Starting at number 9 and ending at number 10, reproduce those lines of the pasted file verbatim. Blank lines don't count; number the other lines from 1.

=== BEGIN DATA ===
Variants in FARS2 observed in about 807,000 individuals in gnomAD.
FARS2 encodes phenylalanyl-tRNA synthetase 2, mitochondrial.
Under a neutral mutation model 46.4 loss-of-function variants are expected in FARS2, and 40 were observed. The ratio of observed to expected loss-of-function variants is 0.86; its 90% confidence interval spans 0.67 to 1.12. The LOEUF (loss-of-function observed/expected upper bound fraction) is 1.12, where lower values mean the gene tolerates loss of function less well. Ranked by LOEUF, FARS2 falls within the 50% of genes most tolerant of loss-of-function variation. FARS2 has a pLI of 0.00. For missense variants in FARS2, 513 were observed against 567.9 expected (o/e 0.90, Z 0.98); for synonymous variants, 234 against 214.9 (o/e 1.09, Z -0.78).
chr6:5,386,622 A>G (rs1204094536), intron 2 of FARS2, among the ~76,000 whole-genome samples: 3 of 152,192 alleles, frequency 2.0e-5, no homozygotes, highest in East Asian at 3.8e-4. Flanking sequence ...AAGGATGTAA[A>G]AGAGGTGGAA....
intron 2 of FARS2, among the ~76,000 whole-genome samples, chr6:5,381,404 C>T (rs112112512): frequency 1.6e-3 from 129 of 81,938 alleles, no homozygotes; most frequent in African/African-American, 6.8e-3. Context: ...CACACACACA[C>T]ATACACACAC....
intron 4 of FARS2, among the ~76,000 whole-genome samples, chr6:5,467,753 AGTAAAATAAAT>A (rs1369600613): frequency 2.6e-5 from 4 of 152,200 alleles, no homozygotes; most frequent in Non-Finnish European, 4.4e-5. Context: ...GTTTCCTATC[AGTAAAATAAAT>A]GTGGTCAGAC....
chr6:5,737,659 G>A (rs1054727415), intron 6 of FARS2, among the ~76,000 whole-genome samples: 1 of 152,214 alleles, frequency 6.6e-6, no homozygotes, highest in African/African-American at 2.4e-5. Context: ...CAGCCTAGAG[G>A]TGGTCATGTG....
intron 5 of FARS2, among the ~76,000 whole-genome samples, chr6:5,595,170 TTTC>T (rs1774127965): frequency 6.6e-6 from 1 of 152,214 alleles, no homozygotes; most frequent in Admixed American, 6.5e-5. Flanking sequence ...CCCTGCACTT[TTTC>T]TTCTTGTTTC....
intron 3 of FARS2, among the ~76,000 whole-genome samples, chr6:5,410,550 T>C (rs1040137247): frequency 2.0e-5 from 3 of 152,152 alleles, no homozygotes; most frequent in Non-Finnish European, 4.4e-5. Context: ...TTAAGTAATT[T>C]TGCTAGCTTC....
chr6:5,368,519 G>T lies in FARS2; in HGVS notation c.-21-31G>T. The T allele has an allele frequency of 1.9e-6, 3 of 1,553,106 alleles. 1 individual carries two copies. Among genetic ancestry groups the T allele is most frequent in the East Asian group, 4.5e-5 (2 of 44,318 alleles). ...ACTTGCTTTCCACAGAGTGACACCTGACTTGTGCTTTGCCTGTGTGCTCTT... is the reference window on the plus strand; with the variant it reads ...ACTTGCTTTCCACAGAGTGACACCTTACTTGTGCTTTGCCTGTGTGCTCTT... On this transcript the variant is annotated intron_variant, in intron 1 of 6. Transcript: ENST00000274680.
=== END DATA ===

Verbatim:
intron 3 of FARS2, among the ~76,000 whole-genome samples, chr6:5,410,550 T>C (rs1040137247): frequency 2.0e-5 from 3 of 152,152 alleles, no homozygotes; most frequent in Non-Finnish European, 4.4e-5. Context: ...TTAAGTAATT[T>C]TGCTAGCTTC....
chr6:5,368,519 G>T lies in FARS2; in HGVS notation c.-21-31G>T. The T allele has an allele frequency of 1.9e-6, 3 of 1,553,106 alleles. 1 individual carries two copies. Among genetic ancestry groups the T allele is most frequent in the East Asian group, 4.5e-5 (2 of 44,318 alleles). ...ACTTGCTTTCCACAGAGTGACACCTGACTTGTGCTTTGCCTGTGTGCTCTT... is the reference window on the plus strand; with the variant it reads ...ACTTGCTTTCCACAGAGTGACACCTTACTTGTGCTTTGCCTGTGTGCTCTT... On this transcript the variant is annotated intron_variant, in intron 1 of 6. Transcript: ENST00000274680.